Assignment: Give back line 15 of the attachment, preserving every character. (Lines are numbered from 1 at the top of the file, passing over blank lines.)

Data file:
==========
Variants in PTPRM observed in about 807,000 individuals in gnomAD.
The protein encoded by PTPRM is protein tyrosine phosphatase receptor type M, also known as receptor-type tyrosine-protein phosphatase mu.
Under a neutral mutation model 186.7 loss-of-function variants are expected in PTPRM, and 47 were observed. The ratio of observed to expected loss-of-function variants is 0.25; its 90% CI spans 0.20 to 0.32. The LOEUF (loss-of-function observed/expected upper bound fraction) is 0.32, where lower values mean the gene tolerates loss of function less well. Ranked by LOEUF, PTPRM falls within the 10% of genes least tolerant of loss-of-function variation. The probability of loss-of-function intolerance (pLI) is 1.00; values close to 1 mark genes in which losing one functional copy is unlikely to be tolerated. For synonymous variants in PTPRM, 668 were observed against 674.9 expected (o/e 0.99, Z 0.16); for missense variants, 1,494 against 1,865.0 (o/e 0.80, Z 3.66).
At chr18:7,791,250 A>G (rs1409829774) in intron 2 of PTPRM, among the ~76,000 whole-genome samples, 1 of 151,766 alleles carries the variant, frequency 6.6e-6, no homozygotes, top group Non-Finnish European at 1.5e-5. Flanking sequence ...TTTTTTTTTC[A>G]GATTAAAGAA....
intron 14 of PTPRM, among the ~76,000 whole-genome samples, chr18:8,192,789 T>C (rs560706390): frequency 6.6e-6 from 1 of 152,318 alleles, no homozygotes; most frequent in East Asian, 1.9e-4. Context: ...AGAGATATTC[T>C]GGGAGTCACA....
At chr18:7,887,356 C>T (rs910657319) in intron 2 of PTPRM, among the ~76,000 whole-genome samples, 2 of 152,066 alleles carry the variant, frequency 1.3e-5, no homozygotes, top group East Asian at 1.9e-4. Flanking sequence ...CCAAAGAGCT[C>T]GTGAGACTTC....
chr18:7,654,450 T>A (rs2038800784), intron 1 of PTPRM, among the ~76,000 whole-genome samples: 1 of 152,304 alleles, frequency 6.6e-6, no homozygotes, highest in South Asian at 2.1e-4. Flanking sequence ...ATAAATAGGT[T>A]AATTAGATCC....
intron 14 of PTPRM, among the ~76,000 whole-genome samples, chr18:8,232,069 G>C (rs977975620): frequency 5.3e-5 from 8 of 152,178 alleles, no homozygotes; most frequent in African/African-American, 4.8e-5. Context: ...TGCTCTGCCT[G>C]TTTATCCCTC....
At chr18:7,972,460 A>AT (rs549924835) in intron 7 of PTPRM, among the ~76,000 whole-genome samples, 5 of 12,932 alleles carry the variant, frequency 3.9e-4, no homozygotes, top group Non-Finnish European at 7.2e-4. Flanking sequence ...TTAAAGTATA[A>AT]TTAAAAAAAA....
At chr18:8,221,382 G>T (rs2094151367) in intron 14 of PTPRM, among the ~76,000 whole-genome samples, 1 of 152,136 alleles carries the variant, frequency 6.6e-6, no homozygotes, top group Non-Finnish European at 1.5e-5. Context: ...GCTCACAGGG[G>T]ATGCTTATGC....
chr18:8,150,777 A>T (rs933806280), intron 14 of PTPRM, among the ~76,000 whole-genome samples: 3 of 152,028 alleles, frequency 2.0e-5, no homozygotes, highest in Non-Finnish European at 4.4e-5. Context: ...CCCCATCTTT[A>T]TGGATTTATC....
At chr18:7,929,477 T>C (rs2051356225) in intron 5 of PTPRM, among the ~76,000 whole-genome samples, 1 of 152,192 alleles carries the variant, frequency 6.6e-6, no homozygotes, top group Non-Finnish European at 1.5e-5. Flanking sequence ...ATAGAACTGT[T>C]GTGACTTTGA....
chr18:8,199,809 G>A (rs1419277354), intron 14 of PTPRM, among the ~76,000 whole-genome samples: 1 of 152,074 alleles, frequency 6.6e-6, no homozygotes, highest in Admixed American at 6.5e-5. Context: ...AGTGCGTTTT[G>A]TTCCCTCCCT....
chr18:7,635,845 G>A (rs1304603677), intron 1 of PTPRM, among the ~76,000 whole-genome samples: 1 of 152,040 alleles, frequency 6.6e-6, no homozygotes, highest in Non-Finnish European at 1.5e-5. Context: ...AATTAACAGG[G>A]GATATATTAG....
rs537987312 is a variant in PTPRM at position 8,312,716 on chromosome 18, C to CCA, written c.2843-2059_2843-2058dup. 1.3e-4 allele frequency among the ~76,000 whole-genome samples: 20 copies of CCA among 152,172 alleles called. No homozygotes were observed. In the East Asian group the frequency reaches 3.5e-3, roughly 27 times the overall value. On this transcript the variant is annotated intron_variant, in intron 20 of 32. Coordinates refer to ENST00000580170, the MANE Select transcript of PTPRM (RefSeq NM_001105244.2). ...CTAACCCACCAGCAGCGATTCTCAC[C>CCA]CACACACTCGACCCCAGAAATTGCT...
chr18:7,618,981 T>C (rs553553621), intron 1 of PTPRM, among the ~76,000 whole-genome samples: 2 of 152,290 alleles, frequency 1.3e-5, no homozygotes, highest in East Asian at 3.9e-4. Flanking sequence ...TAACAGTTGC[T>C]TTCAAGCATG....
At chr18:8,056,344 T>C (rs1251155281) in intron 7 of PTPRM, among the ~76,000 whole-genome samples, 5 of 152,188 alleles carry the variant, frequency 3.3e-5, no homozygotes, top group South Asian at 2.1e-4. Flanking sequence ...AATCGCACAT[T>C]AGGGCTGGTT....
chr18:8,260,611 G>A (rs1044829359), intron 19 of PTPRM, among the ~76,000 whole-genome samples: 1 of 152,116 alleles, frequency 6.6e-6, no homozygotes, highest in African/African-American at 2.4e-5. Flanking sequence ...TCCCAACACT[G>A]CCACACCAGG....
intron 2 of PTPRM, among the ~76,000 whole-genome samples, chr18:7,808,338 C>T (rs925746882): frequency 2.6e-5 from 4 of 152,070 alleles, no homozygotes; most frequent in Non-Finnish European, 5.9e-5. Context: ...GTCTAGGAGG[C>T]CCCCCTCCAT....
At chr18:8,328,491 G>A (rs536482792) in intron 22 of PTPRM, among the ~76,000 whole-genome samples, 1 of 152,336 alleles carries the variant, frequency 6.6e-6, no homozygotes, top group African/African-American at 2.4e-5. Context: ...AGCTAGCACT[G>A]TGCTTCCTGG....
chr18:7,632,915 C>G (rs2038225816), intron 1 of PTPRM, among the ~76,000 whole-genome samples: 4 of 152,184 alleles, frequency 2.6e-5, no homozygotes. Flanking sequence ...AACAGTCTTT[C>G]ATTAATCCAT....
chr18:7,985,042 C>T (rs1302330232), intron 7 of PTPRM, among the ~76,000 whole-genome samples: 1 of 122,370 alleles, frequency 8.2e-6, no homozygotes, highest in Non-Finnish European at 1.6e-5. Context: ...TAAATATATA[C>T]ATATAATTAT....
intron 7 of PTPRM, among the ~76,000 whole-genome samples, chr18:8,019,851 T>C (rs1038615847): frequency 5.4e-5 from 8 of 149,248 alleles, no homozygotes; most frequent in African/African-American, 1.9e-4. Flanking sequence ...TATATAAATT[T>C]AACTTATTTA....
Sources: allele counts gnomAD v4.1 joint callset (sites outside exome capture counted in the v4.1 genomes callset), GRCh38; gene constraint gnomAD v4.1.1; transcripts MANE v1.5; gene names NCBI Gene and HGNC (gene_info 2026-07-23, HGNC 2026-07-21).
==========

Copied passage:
rs537987312 is a variant in PTPRM at position 8,312,716 on chromosome 18, C to CCA, written c.2843-2059_2843-2058dup. 1.3e-4 allele frequency among the ~76,000 whole-genome samples: 20 copies of CCA among 152,172 alleles called. No homozygotes were observed. In the East Asian group the frequency reaches 3.5e-3, roughly 27 times the overall value. On this transcript the variant is annotated intron_variant, in intron 20 of 32. Coordinates refer to ENST00000580170, the MANE Select transcript of PTPRM (RefSeq NM_001105244.2). ...CTAACCCACCAGCAGCGATTCTCAC[C>CCA]CACACACTCGACCCCAGAAATTGCT...